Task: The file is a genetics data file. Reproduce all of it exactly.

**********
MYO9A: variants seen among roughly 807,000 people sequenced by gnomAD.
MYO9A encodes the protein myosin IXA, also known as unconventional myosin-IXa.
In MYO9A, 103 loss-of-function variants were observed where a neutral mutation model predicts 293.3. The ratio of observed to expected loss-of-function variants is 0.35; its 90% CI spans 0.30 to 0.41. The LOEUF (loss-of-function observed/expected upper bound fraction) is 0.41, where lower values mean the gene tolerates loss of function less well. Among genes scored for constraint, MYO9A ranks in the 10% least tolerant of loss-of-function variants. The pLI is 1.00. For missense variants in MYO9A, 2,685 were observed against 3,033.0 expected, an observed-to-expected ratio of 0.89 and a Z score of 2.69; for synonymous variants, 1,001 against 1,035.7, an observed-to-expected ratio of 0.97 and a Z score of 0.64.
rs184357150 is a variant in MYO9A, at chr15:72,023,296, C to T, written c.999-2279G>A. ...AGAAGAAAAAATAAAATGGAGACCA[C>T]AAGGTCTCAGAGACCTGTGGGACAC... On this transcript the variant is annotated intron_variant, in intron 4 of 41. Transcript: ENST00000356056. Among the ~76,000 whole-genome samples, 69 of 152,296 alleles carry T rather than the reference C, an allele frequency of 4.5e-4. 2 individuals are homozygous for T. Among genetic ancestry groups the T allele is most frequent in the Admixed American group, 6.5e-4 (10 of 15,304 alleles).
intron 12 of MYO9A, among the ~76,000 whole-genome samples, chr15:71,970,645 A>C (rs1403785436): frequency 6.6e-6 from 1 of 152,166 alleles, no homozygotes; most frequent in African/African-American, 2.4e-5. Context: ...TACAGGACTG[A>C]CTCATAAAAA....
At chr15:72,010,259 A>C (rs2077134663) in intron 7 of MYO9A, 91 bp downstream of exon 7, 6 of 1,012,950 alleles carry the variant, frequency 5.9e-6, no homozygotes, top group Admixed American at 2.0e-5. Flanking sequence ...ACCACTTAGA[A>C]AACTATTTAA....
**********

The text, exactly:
MYO9A: variants seen among roughly 807,000 people sequenced by gnomAD.
MYO9A encodes the protein myosin IXA, also known as unconventional myosin-IXa.
In MYO9A, 103 loss-of-function variants were observed where a neutral mutation model predicts 293.3. The ratio of observed to expected loss-of-function variants is 0.35; its 90% CI spans 0.30 to 0.41. The LOEUF (loss-of-function observed/expected upper bound fraction) is 0.41, where lower values mean the gene tolerates loss of function less well. Among genes scored for constraint, MYO9A ranks in the 10% least tolerant of loss-of-function variants. The pLI is 1.00. For missense variants in MYO9A, 2,685 were observed against 3,033.0 expected, an observed-to-expected ratio of 0.89 and a Z score of 2.69; for synonymous variants, 1,001 against 1,035.7, an observed-to-expected ratio of 0.97 and a Z score of 0.64.
rs184357150 is a variant in MYO9A, at chr15:72,023,296, C to T, written c.999-2279G>A. ...AGAAGAAAAAATAAAATGGAGACCA[C>T]AAGGTCTCAGAGACCTGTGGGACAC... On this transcript the variant is annotated intron_variant, in intron 4 of 41. Transcript: ENST00000356056. Among the ~76,000 whole-genome samples, 69 of 152,296 alleles carry T rather than the reference C, an allele frequency of 4.5e-4. 2 individuals are homozygous for T. Among genetic ancestry groups the T allele is most frequent in the Admixed American group, 6.5e-4 (10 of 15,304 alleles).
intron 12 of MYO9A, among the ~76,000 whole-genome samples, chr15:71,970,645 A>C (rs1403785436): frequency 6.6e-6 from 1 of 152,166 alleles, no homozygotes; most frequent in African/African-American, 2.4e-5. Context: ...TACAGGACTG[A>C]CTCATAAAAA....
At chr15:72,010,259 A>C (rs2077134663) in intron 7 of MYO9A, 91 bp downstream of exon 7, 6 of 1,012,950 alleles carry the variant, frequency 5.9e-6, no homozygotes, top group Admixed American at 2.0e-5. Flanking sequence ...ACCACTTAGA[A>C]AACTATTTAA....